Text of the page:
Costa Rican President Oscar Arias announced Wednesday that Costa Rica will cease to send police to train at the Western Hemisphere Institute for Security Cooperation, formerly known as the U.S. Army School of the Americas.
Arias, a Nobel Peace Prize winner, made the decision after talks with an SOA Watch delegation, including Julio Yao of SERPAJ Panama; the Rev. Roy Bourgeois, founder of SOA Watch; and Lisa Sullivan Rodriguez of the SOA Watch Latin America Project.
Costa Rica has no army but has sent some 2,600 police officers over the years to be trained at the school. Minor Masis, leader of Costa Rica’s former “Comando Cobra” anti-drug squad attended the school in 1991 and returned to Costa Rica, only to serve a 42-year jail term for rape and murder committed during a 1992 drug raid. Costa Rica currently has three policemen at the center.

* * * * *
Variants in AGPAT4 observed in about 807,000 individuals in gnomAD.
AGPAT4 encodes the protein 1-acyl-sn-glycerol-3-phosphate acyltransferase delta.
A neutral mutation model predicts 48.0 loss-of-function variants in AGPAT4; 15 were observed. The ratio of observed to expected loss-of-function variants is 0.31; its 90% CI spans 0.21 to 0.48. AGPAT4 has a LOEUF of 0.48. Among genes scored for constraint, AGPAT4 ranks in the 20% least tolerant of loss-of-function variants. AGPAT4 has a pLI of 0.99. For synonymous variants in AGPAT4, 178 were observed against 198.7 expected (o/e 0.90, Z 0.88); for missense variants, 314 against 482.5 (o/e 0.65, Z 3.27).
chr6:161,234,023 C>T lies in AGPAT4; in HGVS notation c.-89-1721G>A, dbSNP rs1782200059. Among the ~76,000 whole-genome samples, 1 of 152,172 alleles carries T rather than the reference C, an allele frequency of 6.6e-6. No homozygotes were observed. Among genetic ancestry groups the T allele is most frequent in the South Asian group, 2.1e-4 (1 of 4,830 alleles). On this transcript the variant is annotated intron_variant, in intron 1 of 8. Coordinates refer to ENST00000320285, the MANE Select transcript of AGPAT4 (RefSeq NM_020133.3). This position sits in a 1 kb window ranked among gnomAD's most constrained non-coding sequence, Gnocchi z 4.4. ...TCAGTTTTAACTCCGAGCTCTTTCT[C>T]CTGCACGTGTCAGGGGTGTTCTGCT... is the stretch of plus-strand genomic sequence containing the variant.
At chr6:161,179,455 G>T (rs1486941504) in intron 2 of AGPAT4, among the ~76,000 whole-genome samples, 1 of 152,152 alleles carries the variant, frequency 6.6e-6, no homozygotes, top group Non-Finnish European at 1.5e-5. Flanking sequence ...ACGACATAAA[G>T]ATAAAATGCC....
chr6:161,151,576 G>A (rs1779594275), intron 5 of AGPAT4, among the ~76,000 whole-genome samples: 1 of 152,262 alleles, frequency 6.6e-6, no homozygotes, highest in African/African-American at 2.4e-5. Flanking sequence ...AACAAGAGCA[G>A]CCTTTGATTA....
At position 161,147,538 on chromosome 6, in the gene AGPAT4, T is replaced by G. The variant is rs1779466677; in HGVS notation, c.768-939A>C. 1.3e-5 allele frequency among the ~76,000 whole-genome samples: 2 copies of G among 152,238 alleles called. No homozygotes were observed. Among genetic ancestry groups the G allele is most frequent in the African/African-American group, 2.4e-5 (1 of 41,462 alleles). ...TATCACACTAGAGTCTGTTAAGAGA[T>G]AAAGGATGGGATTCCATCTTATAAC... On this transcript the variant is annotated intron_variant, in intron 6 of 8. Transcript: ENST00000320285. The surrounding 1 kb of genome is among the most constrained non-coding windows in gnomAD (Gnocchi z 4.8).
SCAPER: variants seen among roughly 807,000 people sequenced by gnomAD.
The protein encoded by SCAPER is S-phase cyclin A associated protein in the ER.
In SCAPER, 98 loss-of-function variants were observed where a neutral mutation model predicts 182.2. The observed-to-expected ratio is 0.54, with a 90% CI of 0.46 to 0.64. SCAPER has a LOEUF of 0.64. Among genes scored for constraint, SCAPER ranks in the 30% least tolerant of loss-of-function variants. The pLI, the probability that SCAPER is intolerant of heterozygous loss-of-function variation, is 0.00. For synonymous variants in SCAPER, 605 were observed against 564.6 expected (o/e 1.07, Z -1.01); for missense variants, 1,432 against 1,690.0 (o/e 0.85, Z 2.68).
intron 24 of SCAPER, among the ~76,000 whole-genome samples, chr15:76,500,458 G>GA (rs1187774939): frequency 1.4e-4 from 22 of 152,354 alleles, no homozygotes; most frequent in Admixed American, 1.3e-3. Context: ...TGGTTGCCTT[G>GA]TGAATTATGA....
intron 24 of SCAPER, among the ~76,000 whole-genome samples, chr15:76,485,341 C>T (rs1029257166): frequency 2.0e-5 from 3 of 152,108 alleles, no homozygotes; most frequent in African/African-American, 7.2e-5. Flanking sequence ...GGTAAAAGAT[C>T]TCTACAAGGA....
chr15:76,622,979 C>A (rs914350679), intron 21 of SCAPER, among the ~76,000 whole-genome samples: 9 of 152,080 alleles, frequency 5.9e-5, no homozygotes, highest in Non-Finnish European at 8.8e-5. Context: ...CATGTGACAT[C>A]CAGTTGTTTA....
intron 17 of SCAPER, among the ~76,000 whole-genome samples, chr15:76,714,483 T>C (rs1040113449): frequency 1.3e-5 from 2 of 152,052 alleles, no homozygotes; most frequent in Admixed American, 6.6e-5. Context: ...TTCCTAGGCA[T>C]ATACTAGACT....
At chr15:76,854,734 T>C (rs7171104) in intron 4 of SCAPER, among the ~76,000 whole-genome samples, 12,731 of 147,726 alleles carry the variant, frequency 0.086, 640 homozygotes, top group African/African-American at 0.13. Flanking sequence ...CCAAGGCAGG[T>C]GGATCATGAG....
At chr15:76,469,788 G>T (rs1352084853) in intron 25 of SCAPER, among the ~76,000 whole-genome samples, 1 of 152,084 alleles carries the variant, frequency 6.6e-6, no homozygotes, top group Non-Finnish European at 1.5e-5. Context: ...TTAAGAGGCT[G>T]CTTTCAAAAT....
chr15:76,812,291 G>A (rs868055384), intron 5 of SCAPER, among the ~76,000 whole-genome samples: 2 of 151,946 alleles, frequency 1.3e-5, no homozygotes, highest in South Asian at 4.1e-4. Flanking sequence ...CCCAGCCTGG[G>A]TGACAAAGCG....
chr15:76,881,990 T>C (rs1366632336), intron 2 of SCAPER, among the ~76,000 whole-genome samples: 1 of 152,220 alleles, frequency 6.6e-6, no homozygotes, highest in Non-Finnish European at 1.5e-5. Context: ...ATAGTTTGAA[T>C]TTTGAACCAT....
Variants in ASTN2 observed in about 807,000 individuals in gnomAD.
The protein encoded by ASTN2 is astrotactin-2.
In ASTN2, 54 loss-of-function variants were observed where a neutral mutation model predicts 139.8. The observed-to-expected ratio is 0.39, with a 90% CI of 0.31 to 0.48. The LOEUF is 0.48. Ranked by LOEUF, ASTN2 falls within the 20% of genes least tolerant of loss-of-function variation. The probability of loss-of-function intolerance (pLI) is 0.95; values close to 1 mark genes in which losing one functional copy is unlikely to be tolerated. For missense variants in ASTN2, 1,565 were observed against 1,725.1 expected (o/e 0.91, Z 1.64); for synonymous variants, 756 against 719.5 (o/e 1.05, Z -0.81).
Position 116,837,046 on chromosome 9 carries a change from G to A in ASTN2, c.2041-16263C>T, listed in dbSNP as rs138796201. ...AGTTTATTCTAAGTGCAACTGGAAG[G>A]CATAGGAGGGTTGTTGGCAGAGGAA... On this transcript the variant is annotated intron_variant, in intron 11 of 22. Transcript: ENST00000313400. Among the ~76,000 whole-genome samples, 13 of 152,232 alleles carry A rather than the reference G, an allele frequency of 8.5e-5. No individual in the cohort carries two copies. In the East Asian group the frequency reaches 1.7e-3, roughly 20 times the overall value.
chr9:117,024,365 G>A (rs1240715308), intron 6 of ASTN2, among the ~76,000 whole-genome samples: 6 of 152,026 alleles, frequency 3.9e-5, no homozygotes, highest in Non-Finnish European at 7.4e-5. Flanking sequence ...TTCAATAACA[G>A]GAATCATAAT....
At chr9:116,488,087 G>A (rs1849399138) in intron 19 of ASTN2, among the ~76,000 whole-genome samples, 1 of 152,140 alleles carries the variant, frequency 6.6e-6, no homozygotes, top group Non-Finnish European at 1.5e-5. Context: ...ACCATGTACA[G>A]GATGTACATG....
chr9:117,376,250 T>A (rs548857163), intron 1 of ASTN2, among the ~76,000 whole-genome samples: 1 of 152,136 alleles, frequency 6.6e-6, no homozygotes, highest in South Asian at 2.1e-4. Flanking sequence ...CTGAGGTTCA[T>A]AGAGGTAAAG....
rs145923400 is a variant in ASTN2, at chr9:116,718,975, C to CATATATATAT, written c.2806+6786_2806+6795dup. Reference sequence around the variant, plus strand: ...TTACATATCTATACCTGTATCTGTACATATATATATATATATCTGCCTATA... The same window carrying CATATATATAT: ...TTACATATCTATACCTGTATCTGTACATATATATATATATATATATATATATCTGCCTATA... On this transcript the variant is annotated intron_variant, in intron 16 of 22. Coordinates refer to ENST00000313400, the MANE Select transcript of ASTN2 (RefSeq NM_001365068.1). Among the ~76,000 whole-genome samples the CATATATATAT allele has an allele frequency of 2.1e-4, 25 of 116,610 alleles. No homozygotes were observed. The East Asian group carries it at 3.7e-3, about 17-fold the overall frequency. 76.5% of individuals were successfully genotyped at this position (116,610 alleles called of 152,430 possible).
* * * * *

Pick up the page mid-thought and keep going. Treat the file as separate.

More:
"When the courses end for the three policemen we are not going to send any more," Arias said.
Costa Rica is the fourth country to announce a withdrawal from the SOA/WHINSEC. In 2006, the governments of Argentina and Uruguay announced that they would cease all training at the school, becoming the second and third countries to announce a cessation of training. In January of 2004, Hugo Chavez announced that Venezuela would no longer send troops to train at the school.
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